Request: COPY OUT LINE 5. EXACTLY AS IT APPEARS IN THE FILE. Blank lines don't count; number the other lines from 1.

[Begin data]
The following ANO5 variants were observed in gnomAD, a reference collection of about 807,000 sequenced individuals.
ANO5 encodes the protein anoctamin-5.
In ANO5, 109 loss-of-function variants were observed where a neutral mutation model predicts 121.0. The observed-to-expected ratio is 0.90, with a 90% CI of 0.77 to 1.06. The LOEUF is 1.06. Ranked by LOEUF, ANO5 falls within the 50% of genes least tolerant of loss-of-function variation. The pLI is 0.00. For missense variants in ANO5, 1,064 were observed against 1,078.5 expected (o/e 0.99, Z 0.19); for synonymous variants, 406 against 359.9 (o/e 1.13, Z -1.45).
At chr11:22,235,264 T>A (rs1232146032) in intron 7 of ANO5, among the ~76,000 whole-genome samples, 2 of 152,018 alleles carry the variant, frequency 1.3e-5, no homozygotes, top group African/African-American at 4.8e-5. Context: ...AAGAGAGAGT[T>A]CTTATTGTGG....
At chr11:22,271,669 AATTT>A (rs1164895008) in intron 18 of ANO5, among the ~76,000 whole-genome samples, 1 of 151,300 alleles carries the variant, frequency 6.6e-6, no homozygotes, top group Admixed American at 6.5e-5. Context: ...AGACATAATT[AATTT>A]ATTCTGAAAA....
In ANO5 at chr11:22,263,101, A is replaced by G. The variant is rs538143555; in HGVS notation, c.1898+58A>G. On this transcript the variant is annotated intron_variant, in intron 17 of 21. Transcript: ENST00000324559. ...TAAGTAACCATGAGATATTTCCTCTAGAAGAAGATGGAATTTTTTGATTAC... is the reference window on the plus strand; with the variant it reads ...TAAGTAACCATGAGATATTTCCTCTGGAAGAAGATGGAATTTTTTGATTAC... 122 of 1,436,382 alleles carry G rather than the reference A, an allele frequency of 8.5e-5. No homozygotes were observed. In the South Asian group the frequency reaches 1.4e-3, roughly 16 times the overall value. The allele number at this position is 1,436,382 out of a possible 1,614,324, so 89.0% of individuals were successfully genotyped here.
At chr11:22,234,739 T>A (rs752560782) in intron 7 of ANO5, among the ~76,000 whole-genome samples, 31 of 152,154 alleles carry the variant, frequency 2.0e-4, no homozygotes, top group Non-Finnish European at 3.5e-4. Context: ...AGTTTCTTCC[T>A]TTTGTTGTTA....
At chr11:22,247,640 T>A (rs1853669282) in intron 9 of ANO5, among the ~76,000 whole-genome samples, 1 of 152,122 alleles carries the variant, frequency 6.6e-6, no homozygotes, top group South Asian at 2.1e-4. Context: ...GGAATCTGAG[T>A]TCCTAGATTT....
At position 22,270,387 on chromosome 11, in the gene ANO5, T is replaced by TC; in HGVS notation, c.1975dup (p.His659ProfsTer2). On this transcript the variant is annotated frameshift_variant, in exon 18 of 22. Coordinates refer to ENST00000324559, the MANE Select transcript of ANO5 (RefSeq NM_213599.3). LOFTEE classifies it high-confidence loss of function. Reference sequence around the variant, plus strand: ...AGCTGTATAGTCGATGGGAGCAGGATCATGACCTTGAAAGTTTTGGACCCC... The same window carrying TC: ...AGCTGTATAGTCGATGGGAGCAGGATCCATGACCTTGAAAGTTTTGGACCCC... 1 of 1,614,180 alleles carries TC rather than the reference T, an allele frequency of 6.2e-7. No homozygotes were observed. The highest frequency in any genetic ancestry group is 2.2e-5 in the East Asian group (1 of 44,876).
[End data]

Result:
At chr11:22,271,669 AATTT>A (rs1164895008) in intron 18 of ANO5, among the ~76,000 whole-genome samples, 1 of 151,300 alleles carries the variant, frequency 6.6e-6, no homozygotes, top group Admixed American at 6.5e-5. Context: ...AGACATAATT[AATTT>A]ATTCTGAAAA....